Despite all Bali has to offer, I didn’t do much tourism on this trip. I found that deceleration was in fact about ‘not-doing’. When I was thirteen, my family took a holiday in a beautiful backwaters resort in Kerala. There were so many possible river and beach activities but all Dad seemingly wanted to do was lie in a hammock, snooze, read, and then snooze again. In frustration, I asked him what the point was of coming to a place of such beauty if all he was going to do was sleep. He looked at me wearily and said, “One day you’ll understand.” And now I really do!
Even as I tried to not-do, I found it hard to quell the voices in my head that said, “Ok, we’ll meditate till 9am, then eat breakfast, then go snorkeling, then read, then lunch, then…” I realized it was my addiction to progress, to the accomplishment of small goals, ticking things off the daily to-do list, that led to a satisfying day, week, life. I’m always looking ahead – it’s hard for me to appreciate what has been, and what is. But it makes slowing down counter-intuitive, and thus hard to do, no matter how important and satisfying.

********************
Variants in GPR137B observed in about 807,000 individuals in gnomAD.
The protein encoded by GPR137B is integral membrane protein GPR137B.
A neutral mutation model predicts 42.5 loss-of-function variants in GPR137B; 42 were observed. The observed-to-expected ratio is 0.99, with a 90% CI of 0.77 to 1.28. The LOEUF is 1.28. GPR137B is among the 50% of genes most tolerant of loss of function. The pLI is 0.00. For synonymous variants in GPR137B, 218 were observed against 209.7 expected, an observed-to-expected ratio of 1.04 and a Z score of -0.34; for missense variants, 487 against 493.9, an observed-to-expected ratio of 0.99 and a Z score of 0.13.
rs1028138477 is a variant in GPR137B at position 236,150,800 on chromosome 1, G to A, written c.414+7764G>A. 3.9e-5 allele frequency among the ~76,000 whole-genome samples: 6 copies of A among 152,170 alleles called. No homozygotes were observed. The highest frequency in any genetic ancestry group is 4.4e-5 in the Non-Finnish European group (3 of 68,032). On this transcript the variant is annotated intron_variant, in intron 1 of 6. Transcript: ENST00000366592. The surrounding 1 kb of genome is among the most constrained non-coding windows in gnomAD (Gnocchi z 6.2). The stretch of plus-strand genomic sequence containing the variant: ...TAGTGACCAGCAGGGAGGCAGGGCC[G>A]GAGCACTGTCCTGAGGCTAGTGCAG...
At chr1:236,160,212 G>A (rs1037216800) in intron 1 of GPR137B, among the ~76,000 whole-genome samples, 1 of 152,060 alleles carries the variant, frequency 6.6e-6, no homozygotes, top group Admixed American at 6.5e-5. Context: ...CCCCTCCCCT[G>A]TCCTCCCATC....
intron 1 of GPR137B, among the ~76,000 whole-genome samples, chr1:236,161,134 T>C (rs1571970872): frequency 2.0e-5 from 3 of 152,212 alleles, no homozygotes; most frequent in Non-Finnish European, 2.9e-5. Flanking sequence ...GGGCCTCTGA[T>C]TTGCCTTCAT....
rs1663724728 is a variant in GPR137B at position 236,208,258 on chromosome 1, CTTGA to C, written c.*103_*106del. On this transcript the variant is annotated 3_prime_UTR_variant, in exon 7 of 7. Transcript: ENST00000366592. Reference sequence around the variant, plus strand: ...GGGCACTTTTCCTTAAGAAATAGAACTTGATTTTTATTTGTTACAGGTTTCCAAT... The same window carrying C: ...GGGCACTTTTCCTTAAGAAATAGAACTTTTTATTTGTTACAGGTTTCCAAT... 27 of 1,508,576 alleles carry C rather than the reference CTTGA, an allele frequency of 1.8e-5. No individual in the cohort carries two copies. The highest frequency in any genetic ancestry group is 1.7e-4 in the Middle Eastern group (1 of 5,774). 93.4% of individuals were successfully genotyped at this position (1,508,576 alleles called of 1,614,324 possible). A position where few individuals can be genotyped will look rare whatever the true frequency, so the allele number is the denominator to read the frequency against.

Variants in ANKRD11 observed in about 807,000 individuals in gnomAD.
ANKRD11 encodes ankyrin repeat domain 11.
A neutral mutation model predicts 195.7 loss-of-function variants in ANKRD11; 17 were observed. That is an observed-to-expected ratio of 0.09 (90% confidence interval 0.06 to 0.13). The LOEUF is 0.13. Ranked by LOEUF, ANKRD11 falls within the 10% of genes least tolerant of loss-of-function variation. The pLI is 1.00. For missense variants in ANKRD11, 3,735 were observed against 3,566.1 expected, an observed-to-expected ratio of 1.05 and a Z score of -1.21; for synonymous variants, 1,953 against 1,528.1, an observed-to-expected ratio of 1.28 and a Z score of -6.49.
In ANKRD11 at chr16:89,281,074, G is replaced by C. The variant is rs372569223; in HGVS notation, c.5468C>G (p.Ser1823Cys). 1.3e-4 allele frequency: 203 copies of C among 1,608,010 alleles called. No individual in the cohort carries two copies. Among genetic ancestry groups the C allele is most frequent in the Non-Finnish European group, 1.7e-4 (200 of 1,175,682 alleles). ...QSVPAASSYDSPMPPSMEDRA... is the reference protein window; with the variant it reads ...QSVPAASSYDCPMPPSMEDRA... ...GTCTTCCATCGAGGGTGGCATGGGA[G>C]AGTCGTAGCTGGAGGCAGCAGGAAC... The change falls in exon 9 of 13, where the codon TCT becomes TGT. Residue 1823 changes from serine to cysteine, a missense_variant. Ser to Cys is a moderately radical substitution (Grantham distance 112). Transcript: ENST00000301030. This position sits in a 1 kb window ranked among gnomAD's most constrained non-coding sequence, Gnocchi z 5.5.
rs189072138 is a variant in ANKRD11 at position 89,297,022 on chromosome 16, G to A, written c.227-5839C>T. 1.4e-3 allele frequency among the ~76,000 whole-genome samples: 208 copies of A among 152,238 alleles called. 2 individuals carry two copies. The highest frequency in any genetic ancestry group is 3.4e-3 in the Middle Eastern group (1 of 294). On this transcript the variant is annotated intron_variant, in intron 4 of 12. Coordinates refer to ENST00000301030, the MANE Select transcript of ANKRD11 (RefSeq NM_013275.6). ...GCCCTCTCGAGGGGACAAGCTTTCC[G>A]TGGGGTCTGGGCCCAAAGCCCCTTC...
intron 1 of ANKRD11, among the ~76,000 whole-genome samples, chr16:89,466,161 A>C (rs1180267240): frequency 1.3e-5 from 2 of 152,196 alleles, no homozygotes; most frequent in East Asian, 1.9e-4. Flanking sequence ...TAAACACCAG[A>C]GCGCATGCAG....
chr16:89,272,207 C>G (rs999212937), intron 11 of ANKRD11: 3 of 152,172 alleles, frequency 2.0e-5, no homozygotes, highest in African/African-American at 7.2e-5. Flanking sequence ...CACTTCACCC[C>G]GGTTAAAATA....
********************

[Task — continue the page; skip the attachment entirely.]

I don’t want to end this addiction because it leads to valuable productivity, but admitting to it gave me a new definition of vacation. Vacation is now simply the lack of schedule and, even more importantly, the freedom from accomplishment. Let’s see how that goes.
The motto of the Impact Hub in Ubud (called ‘Hubud’) is “Work is Changing”. They sell flamboyant orange T-shirts emblazoned with this phrase. After spending a week there, I began to see what they meant.